Knowing basic dog commands is the first step in teaching your dog good behavior. Establishing clear expectations for commands early will help you and your dog bond and build trust, opening up a whole world of possibilities for you two.
When your furry friend has the basic dog commands down, you know you can take them into new situations and be able to manage them when meeting new people or when you’re out in public together. These 10 basic dog commands will be the foundation of training your dog properly.
Basic Dog Commands
Basic dog commands are crucial for effective communication and obedience training. Start with fundamental commands like 'sit,' 'stay,' 'down,' and 'come.' Use positive reinforcement techniques, such as treats and praise, to encourage your dog's learning. Consistency and patience are key. Practice short training sessions daily, gradually increasing the difficulty level. Remember to reward your furry friend's progress and always prioritize their well-being throughout the training process.
Teaching your dog to sit is one of the first and most commonly used dog commands you’ll want them to learn. The sit command is also a great starting point for getting your dog’s attention and teaching them other commands.
Following the sit command is vital for your dog to know when to wait, when to pay attention, and when to wait for the next command from you. This command can be useful in countless situations, from keeping your dog safe to holding them to polite behavior. Knowing the sit command will be a benefit no matter where you and your dog roam.
The purpose of the down command is to communicate to your dog that you want them to lie down in a certain place for a period of time. It lets them know they can get comfortable and settle in for a while and lets you know your dog will stay put when they’ve mastered this command.
Teaching the down command can also help calm your dog down in exciting situations. It tells them it’s time to settle down and lie down, interrupting unwanted behaviors like jumping when meeting a new person or begging when people are eating. They can wait for the scraps while lying under the table, out of the way when you give the down command.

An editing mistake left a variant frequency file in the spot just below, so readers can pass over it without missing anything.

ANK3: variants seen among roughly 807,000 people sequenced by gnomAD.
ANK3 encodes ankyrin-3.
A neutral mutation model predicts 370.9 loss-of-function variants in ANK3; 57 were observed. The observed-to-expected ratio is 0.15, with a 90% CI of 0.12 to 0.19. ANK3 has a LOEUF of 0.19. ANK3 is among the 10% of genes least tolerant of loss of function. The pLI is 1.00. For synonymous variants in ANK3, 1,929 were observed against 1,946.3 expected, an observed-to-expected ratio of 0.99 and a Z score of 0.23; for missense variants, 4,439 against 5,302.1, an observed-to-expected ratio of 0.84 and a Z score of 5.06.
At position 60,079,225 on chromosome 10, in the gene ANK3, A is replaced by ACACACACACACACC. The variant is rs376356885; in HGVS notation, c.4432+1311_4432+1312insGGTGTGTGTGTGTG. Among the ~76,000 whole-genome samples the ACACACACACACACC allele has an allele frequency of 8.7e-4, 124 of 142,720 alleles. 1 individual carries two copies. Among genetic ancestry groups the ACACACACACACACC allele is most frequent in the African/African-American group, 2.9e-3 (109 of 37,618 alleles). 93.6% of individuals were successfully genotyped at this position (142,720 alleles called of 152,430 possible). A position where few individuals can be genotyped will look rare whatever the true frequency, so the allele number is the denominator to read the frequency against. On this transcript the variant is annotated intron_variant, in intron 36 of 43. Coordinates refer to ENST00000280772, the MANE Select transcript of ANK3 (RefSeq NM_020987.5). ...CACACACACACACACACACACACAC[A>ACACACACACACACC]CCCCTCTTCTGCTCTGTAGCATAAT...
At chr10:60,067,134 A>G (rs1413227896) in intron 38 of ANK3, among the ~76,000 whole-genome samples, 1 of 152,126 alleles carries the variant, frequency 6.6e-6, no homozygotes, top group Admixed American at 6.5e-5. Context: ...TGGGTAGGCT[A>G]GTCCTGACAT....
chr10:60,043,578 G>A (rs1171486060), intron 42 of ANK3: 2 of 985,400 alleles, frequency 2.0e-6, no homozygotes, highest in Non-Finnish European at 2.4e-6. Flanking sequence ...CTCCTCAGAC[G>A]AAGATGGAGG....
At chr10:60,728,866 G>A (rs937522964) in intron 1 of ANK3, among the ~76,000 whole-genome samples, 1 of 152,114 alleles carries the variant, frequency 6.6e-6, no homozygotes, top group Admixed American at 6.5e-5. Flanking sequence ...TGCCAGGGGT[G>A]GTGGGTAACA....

Teaching a dog to stay is another important basic command for helping your dog maintain self-control and stay safe by following your instructions. It’s a clear, concise directive that lets your dog know it’s time to stay put.
Being able to follow the stay command indicates that your dog can demonstrate impulse control when it comes time to stick to one spot. Safety situations where the stay command can be helpful might be crossing the street, waiting for you while you’re doing something that might not be suitable for dogs, or rushing the door when you come and go without them.
Making sure your dog learns to follow the come command is one of the most essential parts of training your dog. Your dog needs to have a good recall response for you to be able to trust that they’ll come when you call them.
The number one reason to learn the come command is safety. Dogs who don’t come when called run the risk of becoming lost or injured. You want to be sure your dog will come right back to you in dangerous situations and to keep them close by.
Responding to the come command is especially important for your dog during any type of off-leash activities like dog parks or hiking. When you need your dog to respond at a moment’s notice, you’ll be glad you had them master the come command.
The off command is another important one for making sure your dog is well-behaved when you expect it. It’s used mainly to tell your dog to take their paws or their body ‘off’ of something or someone. The off command can be used to get dogs off of furniture, people, or anywhere little doggy paws don’t belong.